Name: Adam Shapiro
Areas of interest: Peacebuilding
“Where [are] your mom and dad? Here?” the interviewer asks. There is a long silence as ten-year-old Ibrahim looks away and says calmly, “No. They are dead.”
On June 20, AU IPCR Ph.D. candidate Adam Shapiro and IPCR M.A. Candidate Aisha Bain screened their film Darfur Diaries for the American University community through the co-sponsorship of IPCR, the Center for Global Peace and Amnesty International.
As the film drew to a close on a balmy Tuesday evening in Kay Chapel, I could not help but find myself in a state of quiet reflection. I should say though, that when I watched Darfur Diaries, I was not as entertained as I had been viewing other documentaries. There was very little in the way of a soundtrack, no vocal narration and not even much of a clear story line. Rather, when I walked away from the screening I felt as though I had sat with Darfurians for 90 minutes and just listened to them. In the end, the silence in this film spoke for itself, for the quietness that kept me less entertained, was the same quietness that allowed me to clearly hear the voices of Darfurians. This got me thinking about the value of such an effect on the viewer and if the filmmakers had intentionally structured the film to leave this impression.
I caught up with Adam via cell phone a few days later and he explained that he believes conflict resolution scholars, practitioners and activists are often disconnected from those who are enduring the consequences of conflict. He explained, “There is a whole industry now of conflict resolution, where people sit in places like Washington, D.C. or elsewhere and propose projects for conflict resolution in various areas. How much do they understand about the way conflict is affecting individual lives when they are making these proposals or even starting certain projects? Probably not very much.” He has observed the disconnect between those involved in the conflict and those driving conflict resolution policies also applies to the Darfur situation, and it is his hope that the film can close the gap between the two. He said, “I think a lot of people in the states are active on the Darfur issue without having any sense who the people of Darfur are, which I think [is] kind of silly. So in that sense it [the film] is a contribution and makes an act of solidarity more meaningful…”
Originally in 2003, it was this disconnect that got Adam into filmmaking when he and a film team went to Iraq and made a documentary entitled About Baghdad (InCounter Productions, 2004). His complete dissatisfaction with mainstream media sources and even some alternative media sources was fueled by his belief that they did not include a diversity and plurality of voices. He stated, “There is a real need for us in the U.S., especially today, perhaps more than ever, to really hear from people all over the world, to really hear their perspectives and experiences in their own voices and not to have a mediator of resolution theory or someone telling you what they said.” It is for this reason, he says, that he wanted Darfur Diaries to stand out against the backdrop of more media driven documentaries with high-end graphics, quick edits, and narration that seems to dictate what the viewer hears from the subjects.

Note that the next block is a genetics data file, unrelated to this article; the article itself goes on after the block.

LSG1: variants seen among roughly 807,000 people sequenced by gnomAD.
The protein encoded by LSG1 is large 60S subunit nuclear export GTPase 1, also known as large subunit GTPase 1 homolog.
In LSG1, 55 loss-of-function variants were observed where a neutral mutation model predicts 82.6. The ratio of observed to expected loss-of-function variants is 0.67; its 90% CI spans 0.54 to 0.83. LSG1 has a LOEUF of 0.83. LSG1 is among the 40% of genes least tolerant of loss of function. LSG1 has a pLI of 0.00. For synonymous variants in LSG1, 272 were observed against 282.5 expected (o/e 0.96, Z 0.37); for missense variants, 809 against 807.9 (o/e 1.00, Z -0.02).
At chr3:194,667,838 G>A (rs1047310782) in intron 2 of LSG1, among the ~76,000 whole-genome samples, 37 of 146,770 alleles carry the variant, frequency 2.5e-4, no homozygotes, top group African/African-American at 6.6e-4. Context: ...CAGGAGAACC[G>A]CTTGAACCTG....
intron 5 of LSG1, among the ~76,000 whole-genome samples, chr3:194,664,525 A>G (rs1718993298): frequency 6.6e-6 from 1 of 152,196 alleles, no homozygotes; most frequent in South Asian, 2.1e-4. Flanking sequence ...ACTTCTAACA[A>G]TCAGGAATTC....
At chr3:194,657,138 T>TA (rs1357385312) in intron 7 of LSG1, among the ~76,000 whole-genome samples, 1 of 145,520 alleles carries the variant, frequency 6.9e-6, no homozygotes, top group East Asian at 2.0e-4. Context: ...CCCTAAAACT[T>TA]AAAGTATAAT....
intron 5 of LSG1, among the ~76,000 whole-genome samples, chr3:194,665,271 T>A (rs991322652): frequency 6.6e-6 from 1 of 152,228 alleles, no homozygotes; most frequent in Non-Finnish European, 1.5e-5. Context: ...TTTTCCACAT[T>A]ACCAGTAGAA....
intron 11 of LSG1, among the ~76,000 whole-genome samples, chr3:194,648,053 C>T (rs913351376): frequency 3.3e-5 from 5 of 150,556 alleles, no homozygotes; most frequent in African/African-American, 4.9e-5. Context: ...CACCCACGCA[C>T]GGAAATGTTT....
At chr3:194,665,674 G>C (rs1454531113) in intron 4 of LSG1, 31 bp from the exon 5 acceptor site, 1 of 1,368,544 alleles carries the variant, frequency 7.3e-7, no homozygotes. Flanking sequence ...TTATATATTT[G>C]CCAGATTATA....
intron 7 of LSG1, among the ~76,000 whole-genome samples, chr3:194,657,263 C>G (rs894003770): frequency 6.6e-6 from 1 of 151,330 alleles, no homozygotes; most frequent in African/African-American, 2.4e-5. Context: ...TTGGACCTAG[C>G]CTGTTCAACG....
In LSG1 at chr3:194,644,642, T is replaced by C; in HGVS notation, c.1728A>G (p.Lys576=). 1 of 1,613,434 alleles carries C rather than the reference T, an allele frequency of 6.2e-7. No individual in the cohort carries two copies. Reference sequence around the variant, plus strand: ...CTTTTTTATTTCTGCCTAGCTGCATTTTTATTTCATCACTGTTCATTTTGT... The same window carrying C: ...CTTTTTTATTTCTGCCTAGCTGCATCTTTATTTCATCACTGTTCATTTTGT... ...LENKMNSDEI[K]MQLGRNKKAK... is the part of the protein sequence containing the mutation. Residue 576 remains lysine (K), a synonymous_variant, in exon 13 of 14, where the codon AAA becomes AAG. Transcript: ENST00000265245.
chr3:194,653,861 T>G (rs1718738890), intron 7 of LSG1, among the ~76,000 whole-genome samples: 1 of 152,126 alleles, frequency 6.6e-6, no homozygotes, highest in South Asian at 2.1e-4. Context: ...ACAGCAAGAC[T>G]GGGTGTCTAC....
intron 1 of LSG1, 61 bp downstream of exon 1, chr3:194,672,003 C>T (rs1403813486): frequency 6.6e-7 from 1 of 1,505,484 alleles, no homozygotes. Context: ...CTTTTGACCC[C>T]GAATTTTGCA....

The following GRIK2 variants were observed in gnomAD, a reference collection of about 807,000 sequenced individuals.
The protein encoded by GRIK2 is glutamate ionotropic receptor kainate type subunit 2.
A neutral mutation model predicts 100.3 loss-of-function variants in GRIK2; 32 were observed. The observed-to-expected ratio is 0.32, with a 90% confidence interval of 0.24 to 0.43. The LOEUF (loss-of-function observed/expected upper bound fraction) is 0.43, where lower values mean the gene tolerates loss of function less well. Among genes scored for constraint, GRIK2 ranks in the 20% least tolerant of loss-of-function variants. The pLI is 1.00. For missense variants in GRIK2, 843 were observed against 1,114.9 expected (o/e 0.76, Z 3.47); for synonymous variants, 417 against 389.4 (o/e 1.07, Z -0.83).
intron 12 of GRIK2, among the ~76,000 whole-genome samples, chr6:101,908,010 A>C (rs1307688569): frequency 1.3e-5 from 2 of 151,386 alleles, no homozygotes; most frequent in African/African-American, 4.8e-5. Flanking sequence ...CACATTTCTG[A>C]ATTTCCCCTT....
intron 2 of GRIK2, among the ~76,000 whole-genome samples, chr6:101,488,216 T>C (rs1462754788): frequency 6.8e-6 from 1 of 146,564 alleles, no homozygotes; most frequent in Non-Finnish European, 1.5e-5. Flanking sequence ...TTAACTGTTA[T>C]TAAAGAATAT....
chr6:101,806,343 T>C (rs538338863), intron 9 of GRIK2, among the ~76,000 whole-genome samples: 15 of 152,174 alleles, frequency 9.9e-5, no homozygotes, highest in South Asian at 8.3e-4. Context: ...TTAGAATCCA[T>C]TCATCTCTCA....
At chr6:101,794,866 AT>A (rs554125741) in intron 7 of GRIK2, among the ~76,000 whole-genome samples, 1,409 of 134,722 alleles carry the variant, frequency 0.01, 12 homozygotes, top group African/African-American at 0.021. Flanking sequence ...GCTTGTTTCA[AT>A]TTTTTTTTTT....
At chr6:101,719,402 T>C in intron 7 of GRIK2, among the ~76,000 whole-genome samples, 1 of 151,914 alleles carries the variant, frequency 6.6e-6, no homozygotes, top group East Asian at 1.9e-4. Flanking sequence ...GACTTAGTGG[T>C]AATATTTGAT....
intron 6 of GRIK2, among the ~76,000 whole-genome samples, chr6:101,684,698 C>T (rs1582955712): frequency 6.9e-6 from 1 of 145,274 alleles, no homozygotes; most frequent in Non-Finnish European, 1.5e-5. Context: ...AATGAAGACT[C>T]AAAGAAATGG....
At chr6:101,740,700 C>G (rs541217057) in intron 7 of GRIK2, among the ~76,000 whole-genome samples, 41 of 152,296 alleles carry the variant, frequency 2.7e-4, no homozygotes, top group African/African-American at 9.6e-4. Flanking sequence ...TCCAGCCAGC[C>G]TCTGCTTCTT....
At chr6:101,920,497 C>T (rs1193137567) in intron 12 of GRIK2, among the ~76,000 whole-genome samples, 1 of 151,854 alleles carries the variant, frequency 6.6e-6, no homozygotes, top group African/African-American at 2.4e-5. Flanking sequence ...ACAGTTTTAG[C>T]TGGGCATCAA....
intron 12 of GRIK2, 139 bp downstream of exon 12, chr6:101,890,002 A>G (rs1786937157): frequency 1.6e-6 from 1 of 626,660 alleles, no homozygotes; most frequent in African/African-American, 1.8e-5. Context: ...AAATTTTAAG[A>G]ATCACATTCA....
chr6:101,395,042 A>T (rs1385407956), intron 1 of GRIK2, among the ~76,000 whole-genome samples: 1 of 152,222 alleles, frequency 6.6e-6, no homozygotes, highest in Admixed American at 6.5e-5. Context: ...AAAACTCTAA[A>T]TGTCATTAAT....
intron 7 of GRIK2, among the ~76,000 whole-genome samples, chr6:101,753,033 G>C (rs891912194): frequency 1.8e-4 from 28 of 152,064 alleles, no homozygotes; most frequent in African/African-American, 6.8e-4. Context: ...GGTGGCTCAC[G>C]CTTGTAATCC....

Before I saw Darfur Diaries, I had noticed that there has been an explosion of films about conflicts that have promoted awareness regarding various conflicts. One such film was Invisible Children. Though the film highlighted an issue that has been largely ignored by western media, when I saw it, I felt quite conflicted about its content and the impressions it left on me. After expressing this to Adam, he gave his own reservations about such films. “For instance,” he said, “MTV sent three students from around the country [USA] to go into Darfur…to report on the crises, and what they came back with was a story about three kids from America going to Darfur, they didn’t come back with Darfurian stories.” These types of documentaries perpetuate the silence of those who live in conflict. An attempt to tell their own story, directors often sacrifice the agency of their subjects and deny the telling of their own stories, in their own voice.
After seeing Darfur Diaries and reflecting on its overall impact, I cannot help but agree with Shapiro that the type of films that should be made are those “that actually explore people’s life experiences and how conflict affects it, and how they interact with the problems of conflict in order to survive, to live, to make themselves better, in order to accomplish what they want in the future. Those are the type of things that can be very useful for those who are engaged in peacemaking to watch, to learn from, and to incorporate into their work as people working in conflict resolution.” It is for this reason that Shapiro and Bain felt it important to make Darfur Diaries, for in their opinion, if such films are not made, voices such as 10-year-old Ibrahim may be lost amongst the deluge of expert opinion.
Greg Jeske (email@example.com) is a Junior in the School of International Service with an interest in International Peace & ConflictResolution, and is currently a Research Associate in IPCR. Adam Shapiro is pursuing a PhD in International Affairs at Ameri can University with a concentration in International Peace and Conflict Resolution. He recently served as the Country Director in Afghanistan for the international human rights organization Global Rights (www.globalrights.org) and is the co-founder of InCounter Productions, a collective of independent activist, academics and artists who seek to present perspectives that are often marginalized by mainstream and alternative media outlets. Adam is already working on his third film, which is based in Afghanistan and likely to be released in early 2007.
Name: Adam Shapiro